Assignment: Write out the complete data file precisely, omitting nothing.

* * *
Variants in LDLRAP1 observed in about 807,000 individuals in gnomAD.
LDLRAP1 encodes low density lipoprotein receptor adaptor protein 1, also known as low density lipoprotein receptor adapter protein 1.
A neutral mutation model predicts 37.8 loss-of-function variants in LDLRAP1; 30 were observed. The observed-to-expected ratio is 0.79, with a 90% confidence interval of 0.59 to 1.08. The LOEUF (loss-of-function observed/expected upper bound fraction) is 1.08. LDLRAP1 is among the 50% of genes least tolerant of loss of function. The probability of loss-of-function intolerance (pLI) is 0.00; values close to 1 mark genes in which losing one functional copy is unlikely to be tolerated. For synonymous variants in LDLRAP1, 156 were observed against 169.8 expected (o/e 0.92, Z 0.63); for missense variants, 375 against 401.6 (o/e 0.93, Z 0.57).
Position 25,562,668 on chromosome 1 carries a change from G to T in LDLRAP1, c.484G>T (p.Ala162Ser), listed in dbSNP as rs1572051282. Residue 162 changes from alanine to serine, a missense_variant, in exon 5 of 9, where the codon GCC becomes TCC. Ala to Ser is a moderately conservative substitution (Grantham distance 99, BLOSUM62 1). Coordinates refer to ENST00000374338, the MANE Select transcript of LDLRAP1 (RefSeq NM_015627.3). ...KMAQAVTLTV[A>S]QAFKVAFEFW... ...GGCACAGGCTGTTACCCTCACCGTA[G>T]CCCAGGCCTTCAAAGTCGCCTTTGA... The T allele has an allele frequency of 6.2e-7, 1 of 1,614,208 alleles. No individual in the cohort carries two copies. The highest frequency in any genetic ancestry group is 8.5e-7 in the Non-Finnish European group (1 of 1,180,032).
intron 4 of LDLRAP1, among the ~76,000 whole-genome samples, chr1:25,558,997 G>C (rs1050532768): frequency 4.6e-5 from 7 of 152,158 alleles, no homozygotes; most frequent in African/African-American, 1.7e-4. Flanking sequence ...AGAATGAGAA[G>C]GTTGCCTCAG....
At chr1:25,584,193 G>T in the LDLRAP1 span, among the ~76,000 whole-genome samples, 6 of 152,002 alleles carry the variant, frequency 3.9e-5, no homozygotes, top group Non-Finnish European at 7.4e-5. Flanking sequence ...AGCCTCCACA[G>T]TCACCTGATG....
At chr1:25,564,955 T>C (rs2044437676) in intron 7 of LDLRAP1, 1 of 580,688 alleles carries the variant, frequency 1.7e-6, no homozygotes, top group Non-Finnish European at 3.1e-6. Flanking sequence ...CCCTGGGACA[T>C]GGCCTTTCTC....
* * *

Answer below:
Variants in LDLRAP1 observed in about 807,000 individuals in gnomAD.
LDLRAP1 encodes low density lipoprotein receptor adaptor protein 1, also known as low density lipoprotein receptor adapter protein 1.
A neutral mutation model predicts 37.8 loss-of-function variants in LDLRAP1; 30 were observed. The observed-to-expected ratio is 0.79, with a 90% confidence interval of 0.59 to 1.08. The LOEUF (loss-of-function observed/expected upper bound fraction) is 1.08. LDLRAP1 is among the 50% of genes least tolerant of loss of function. The probability of loss-of-function intolerance (pLI) is 0.00; values close to 1 mark genes in which losing one functional copy is unlikely to be tolerated. For synonymous variants in LDLRAP1, 156 were observed against 169.8 expected (o/e 0.92, Z 0.63); for missense variants, 375 against 401.6 (o/e 0.93, Z 0.57).
Position 25,562,668 on chromosome 1 carries a change from G to T in LDLRAP1, c.484G>T (p.Ala162Ser), listed in dbSNP as rs1572051282. Residue 162 changes from alanine to serine, a missense_variant, in exon 5 of 9, where the codon GCC becomes TCC. Ala to Ser is a moderately conservative substitution (Grantham distance 99, BLOSUM62 1). Coordinates refer to ENST00000374338, the MANE Select transcript of LDLRAP1 (RefSeq NM_015627.3). ...KMAQAVTLTV[A>S]QAFKVAFEFW... ...GGCACAGGCTGTTACCCTCACCGTA[G>T]CCCAGGCCTTCAAAGTCGCCTTTGA... The T allele has an allele frequency of 6.2e-7, 1 of 1,614,208 alleles. No individual in the cohort carries two copies. The highest frequency in any genetic ancestry group is 8.5e-7 in the Non-Finnish European group (1 of 1,180,032).
intron 4 of LDLRAP1, among the ~76,000 whole-genome samples, chr1:25,558,997 G>C (rs1050532768): frequency 4.6e-5 from 7 of 152,158 alleles, no homozygotes; most frequent in African/African-American, 1.7e-4. Flanking sequence ...AGAATGAGAA[G>C]GTTGCCTCAG....
At chr1:25,584,193 G>T in the LDLRAP1 span, among the ~76,000 whole-genome samples, 6 of 152,002 alleles carry the variant, frequency 3.9e-5, no homozygotes, top group Non-Finnish European at 7.4e-5. Flanking sequence ...AGCCTCCACA[G>T]TCACCTGATG....
At chr1:25,564,955 T>C (rs2044437676) in intron 7 of LDLRAP1, 1 of 580,688 alleles carries the variant, frequency 1.7e-6, no homozygotes, top group Non-Finnish European at 3.1e-6. Flanking sequence ...CCCTGGGACA[T>C]GGCCTTTCTC....